First sino japanese war


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  • First sino japanese war

    1. 1. Beginning in August of 1894, The MAJDAAA CAUSES Sino-Japanese War was a war JAJAJAJA PEOPLE fought between The Qing Dynasty JAJAJAJhj BATTLES of China and Meiji Japan. Although hhghhAJA THE END there was smaller reasons the main Jfjfjfjfjfjffjfjfj STATS cause of the Sino-Japanese War f was over control of Korea. The war lasted less than a year ending in April of 1895. Although the physical war had ended it was not but 40 years later that both countries were at war again in the Second Sino-Japanese War
    2. 2. MAIN CAUSE  The Tonghak Rebellion (1894-1895) Ancillary Causes  Japanese aggression toward Chinese in Korea  Japanese desire for a unified, and modern Asia
    3. 3. The Tonghak Rebellion (1894-1895) The Tonghak Rebellion took it’s name from the teachings of Ch’oe Che-u. A demonstration by 20,000 Tonghak in 1893, in front of the royal palace in Seoul gives the first clues to peasant disapproval of the Korean government, specifically the yangban’s involvement with foreign powers. This sentiment against the government allowed Chon Pong-jun, leader of the Tonghak Parish in Kobu county, to take action. After the Korean government reacted to the action taken by the rebels in Kobu (dispersion of tax collected rice to peasants, seizure of weapons, and the taking of the county office) the Tonghaks released a call to arms among the peasantry of Korea. The rebellion achieved multiple early victories, and with each victory, their numbers increased. The Korean government quickly called for military aid from Yuan Shi-kai and the Chinese.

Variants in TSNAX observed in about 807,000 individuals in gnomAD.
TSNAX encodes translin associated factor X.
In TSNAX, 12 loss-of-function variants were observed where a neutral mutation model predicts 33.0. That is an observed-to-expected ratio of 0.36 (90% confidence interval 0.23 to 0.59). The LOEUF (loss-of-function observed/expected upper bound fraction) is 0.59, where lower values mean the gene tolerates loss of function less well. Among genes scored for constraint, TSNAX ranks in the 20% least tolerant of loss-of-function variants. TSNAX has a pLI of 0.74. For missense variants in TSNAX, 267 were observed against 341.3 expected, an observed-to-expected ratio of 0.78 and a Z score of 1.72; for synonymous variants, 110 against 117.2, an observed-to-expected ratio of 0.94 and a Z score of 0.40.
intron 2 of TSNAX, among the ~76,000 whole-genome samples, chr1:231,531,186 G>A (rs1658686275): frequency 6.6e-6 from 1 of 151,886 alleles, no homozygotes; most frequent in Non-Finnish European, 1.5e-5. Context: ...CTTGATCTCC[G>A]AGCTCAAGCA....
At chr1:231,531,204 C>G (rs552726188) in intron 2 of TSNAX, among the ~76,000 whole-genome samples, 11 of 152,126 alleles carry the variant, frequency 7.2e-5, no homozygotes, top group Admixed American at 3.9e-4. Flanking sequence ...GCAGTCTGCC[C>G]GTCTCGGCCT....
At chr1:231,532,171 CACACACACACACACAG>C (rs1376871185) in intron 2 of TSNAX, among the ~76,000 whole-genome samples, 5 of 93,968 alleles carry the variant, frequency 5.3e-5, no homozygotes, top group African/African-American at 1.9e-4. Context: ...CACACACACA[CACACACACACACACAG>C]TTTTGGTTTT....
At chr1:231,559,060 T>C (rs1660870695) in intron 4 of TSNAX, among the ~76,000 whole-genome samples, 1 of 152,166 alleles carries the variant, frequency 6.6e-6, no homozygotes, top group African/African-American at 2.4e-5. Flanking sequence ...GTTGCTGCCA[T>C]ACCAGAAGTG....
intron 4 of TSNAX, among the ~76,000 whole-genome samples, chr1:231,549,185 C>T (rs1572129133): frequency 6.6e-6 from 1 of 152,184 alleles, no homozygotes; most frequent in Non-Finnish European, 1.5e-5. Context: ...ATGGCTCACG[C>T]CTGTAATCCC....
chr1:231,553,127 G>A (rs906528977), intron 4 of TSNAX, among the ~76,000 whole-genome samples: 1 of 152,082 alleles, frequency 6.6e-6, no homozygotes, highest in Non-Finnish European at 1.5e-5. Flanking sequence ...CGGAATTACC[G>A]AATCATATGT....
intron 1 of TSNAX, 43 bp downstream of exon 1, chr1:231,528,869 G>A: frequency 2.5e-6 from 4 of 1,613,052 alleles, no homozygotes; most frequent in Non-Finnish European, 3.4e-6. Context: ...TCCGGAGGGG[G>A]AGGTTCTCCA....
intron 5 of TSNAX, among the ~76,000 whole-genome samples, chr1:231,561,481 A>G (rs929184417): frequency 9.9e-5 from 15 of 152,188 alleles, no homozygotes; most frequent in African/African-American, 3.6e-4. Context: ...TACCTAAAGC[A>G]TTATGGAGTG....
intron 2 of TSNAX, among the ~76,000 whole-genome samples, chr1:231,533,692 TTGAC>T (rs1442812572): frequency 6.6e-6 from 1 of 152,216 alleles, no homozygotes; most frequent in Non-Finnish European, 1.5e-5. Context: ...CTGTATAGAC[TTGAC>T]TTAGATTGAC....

4. 4. Japanese Aggression Via the Tientsin Convention of April 18, 1885, the “recognition of an equal right for Japan with China to send in troops in the case of necessity,” was achieved. When China informed Japan of her intention to aid in the suppression of the Tonghak Rebellion, the Meiji court offered Japanese assistance. China declined, and the Japanese decided to send their troops to the Korean peninsula anyway. The Japanese chose to attack Chinese forces without a formal declaration of war, thus starting the first Sino-Japanese War. Payson J. Treat, “China and Korea, 1885-1894,” Political Science Quarterly, Vol. 49, No. 4 (Dec., 1934): 506-543, JSTOR (accessed April 15, 2010).
    5. 5. The Japanese Agenda? The Japanese absolutely had ulterior motives in taking part in the first Sino-Japanese war. As a recently modernized nation, they clearly desired to gain the respect of the western powers, however, the reputation of the East Asians was one of a weak and inferior people who presented no threat to the western powers. Perhaps the Japanese took it upon themselves to civilize both China and Korea, through warfare, in an effort to unify a modern East Asia, similar to Europe. To further this argument, the Japanese feared foreign control over Korea, which functioned as a “dagger pointing at the heart of Japan.” If the fellow East Asian nations were as weak as the foreigners viewed them, then the western powers would have no trouble taking the “dagger” and imposing their will upon Japan.
    6. 6. Tonghak Tonghak, and indigenous Korean religion, emerged in the 1860’s under the guidance of Ch’oe Che-u. Che-u’s teachings were based on “the main religious or philosophical ideas of Confucianism, Buddhism, Taoism, and Korean spirit worship, plus some limited Christian aspects.” These teachings were focused toward the fair treatment of peasant farmers. Robert A. Kinney, “Students, Intellectuals, and the Churches: Their Roles in Korean Politics,” Asian Affairs, Vol. 8, No. 3 (Jan. - Feb., 1981): 180-195, JSTOR (accessed April 15, 2010).